I got an interesting request from a customer today. It seems the app that the user intends to test has a user.config file associated with it. And here's what the user is looking to do in his own words:
How do I create a test which modifies the user.config file before opening the application?
Hopefully it will be interesting for you to see how I put this together. I did a bit of research and it went like this:
1) What's a user.config file?
I figured I probably have one of these on my hard-drive. I did a Windows search and I located a single user.config file - it was a XML file. I copied it into c:\test\user.config. This was to be my guinea pig - so far so good.
2) We need an XML API
So user.config is a XML file. It's still possible to edit it as a regular txt file (using the System.IO API) but that seems a bit amateurish. I wanted to use a XML API. System.XML which is a .Net assembly was my tool of choice
3) Putting together the code
I spent a bit of time researching this. Mostly I looked at MSDN. Here are a few of the articles I checked out:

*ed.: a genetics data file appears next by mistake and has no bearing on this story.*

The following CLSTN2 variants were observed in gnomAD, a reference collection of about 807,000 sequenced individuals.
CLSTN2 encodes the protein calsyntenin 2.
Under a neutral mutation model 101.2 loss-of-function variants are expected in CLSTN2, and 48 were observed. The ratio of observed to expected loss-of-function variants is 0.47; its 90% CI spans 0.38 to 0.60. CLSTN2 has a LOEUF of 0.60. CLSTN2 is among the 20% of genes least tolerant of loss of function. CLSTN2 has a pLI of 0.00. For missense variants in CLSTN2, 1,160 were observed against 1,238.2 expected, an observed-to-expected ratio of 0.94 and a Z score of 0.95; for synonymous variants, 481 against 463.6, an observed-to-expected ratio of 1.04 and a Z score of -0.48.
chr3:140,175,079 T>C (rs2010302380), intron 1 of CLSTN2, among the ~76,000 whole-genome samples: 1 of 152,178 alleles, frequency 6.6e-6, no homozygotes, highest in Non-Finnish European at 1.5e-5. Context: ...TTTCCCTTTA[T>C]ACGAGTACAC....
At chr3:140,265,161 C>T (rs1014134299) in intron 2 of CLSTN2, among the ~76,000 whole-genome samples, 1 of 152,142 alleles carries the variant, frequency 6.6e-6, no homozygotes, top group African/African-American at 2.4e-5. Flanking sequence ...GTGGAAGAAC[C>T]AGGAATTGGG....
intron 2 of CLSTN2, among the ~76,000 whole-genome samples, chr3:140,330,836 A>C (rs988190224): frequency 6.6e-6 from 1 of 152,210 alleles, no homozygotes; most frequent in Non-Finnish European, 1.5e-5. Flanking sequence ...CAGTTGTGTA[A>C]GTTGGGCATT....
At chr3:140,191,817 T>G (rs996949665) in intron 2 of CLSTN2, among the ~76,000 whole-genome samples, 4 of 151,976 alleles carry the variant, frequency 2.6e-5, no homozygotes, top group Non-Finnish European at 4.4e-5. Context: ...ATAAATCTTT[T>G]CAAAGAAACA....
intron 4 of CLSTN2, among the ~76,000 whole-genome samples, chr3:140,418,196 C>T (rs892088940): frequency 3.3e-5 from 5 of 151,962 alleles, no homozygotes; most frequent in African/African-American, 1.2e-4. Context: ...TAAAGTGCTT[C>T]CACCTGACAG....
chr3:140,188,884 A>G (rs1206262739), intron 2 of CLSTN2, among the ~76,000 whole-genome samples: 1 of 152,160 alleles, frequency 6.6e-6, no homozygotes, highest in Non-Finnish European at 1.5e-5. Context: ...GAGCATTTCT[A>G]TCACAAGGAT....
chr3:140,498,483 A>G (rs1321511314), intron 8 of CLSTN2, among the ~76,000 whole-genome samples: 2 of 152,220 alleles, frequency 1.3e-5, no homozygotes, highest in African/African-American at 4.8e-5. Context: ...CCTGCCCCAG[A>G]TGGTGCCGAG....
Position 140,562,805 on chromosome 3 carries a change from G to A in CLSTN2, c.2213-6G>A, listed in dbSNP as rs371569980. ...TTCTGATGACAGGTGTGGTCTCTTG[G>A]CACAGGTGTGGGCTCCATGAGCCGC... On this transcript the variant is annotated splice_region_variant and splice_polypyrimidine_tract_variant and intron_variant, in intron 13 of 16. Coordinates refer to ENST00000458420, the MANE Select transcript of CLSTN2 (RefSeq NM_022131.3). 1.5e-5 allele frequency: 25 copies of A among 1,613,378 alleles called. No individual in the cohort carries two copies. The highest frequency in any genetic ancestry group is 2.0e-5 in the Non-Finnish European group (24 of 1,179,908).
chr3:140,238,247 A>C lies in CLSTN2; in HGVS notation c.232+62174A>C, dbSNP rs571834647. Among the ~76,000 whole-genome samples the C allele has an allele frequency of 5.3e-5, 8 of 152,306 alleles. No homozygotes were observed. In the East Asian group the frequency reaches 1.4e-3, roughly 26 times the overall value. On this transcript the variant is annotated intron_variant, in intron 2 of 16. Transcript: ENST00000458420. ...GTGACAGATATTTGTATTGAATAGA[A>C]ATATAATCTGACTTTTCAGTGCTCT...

Anyway, here's the code that will take the user.config file from c:\test\user.config and add a comment node to it:
XmlDocument config = new System.Xml.XmlDocument(); \\Create new document
config.Load("C:\\test\\user.config"); \\Load the existing content
XmlNode newElem = config.CreateNode(XmlNodeType.Comment,config.Name,config.NamespaceURI); \\Create a new node to add to the document
newElem.InnerText = "this is my node"; \\Add the text content of the new node
config.AppendChild(newElem); \\Put newly created node into the document
config.Save(XmlWriter.Create("C:\\Intel\\user.config")); \\Overwrite the existing xml file with the new document (which is the old document plus a node)
4) Adding the necessary references
In order to make this code works you'll need to add an Assembly reference to System.XML. On my machine I located the file in the following location:
C:\Program Files (x86)\Reference Assemblies\Microsoft\Framework\.NETFramework\v4.0\System.XML.dll
5) Need this to execute before/after your test?
No problem! You can make that work as seen here.
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